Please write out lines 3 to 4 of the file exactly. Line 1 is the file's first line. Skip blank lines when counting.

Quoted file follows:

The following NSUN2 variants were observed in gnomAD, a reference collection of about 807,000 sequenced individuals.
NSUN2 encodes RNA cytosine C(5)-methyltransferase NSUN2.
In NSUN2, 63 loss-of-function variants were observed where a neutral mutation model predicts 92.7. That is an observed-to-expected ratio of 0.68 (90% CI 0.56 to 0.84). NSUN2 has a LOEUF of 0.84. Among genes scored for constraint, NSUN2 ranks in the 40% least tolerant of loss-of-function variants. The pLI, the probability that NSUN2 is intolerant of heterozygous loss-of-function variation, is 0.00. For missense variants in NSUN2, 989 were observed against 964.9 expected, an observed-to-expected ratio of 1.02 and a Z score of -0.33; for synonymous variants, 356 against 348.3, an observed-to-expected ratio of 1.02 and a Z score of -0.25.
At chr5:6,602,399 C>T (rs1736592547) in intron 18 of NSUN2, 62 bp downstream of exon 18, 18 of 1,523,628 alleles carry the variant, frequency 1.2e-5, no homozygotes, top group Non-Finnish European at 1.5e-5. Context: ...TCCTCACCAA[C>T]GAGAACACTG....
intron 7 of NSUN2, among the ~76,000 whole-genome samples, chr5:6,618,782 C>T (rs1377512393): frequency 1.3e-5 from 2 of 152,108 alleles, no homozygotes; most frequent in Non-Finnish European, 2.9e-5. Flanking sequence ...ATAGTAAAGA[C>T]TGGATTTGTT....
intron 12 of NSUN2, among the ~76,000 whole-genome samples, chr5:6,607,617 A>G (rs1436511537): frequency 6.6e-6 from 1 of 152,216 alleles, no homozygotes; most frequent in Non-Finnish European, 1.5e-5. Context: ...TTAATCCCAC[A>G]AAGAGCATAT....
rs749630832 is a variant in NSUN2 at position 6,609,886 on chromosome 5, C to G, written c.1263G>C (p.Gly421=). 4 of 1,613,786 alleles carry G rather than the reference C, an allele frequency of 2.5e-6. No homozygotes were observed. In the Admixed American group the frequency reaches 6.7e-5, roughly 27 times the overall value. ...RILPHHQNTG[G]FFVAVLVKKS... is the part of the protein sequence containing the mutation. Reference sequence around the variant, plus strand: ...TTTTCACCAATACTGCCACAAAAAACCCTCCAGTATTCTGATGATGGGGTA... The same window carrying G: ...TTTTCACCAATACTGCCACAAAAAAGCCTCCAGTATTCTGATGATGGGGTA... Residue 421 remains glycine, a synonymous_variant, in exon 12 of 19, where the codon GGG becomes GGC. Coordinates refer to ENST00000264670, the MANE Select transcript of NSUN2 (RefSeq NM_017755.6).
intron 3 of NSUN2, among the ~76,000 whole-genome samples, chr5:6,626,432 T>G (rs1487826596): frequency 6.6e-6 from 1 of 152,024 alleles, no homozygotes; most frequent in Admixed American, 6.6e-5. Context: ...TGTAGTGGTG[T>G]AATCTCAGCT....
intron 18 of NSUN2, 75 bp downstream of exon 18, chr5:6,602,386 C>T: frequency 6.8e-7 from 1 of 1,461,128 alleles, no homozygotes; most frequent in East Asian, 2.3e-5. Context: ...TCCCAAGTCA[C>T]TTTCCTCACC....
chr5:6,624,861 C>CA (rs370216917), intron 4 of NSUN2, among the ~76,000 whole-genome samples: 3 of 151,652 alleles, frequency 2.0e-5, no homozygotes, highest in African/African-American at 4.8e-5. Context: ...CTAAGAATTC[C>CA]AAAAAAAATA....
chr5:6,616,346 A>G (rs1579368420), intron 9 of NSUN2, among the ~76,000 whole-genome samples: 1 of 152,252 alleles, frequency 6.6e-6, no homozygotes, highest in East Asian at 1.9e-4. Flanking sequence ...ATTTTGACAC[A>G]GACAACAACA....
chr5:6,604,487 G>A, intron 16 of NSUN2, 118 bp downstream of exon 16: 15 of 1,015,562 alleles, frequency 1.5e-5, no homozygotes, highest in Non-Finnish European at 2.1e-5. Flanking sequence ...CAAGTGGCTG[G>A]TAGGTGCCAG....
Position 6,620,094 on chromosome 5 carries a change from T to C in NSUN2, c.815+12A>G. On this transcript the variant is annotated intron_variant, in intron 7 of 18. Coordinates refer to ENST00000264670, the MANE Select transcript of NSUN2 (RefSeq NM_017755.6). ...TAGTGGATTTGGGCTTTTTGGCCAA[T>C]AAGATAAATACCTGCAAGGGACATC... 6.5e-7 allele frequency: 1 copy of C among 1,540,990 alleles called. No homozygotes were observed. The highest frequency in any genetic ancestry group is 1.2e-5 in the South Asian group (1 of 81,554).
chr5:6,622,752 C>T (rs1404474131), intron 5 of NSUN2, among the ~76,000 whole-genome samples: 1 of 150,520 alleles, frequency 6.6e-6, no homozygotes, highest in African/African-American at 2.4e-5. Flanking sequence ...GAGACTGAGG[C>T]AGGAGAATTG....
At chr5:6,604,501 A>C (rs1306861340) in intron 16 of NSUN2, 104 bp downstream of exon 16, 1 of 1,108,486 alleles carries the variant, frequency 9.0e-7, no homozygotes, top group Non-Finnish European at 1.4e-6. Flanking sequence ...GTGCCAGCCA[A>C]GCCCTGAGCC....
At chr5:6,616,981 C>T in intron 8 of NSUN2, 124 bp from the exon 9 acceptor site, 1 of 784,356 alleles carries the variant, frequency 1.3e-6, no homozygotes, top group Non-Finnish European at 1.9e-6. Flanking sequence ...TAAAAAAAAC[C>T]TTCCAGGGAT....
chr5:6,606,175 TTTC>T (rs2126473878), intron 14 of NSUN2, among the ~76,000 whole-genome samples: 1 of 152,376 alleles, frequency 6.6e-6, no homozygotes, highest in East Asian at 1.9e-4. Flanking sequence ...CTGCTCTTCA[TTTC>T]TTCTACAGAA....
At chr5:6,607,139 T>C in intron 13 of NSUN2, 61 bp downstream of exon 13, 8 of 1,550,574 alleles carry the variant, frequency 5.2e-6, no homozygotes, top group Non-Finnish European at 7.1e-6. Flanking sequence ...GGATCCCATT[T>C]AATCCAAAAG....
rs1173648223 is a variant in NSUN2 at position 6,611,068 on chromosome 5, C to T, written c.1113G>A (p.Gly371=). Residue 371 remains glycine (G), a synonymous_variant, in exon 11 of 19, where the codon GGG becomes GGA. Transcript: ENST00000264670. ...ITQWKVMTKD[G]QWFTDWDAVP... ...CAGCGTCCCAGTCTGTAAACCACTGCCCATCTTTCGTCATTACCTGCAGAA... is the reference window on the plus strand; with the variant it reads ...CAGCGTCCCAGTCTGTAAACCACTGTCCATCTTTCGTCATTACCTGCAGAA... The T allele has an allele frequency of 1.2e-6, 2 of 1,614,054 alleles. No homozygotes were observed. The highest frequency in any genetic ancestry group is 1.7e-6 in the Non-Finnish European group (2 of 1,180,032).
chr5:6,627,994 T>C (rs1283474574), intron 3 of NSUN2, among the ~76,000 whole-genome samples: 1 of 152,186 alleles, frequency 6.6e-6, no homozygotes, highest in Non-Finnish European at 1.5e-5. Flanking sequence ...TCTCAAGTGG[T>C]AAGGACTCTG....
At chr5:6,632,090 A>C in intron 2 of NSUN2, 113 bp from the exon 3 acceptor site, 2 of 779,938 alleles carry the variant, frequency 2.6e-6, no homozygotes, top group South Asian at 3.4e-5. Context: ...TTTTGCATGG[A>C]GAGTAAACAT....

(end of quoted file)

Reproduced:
In NSUN2, 63 loss-of-function variants were observed where a neutral mutation model predicts 92.7. That is an observed-to-expected ratio of 0.68 (90% CI 0.56 to 0.84). NSUN2 has a LOEUF of 0.84. Among genes scored for constraint, NSUN2 ranks in the 40% least tolerant of loss-of-function variants. The pLI, the probability that NSUN2 is intolerant of heterozygous loss-of-function variation, is 0.00. For missense variants in NSUN2, 989 were observed against 964.9 expected, an observed-to-expected ratio of 1.02 and a Z score of -0.33; for synonymous variants, 356 against 348.3, an observed-to-expected ratio of 1.02 and a Z score of -0.25.
At chr5:6,602,399 C>T (rs1736592547) in intron 18 of NSUN2, 62 bp downstream of exon 18, 18 of 1,523,628 alleles carry the variant, frequency 1.2e-5, no homozygotes, top group Non-Finnish European at 1.5e-5. Context: ...TCCTCACCAA[C>T]GAGAACACTG....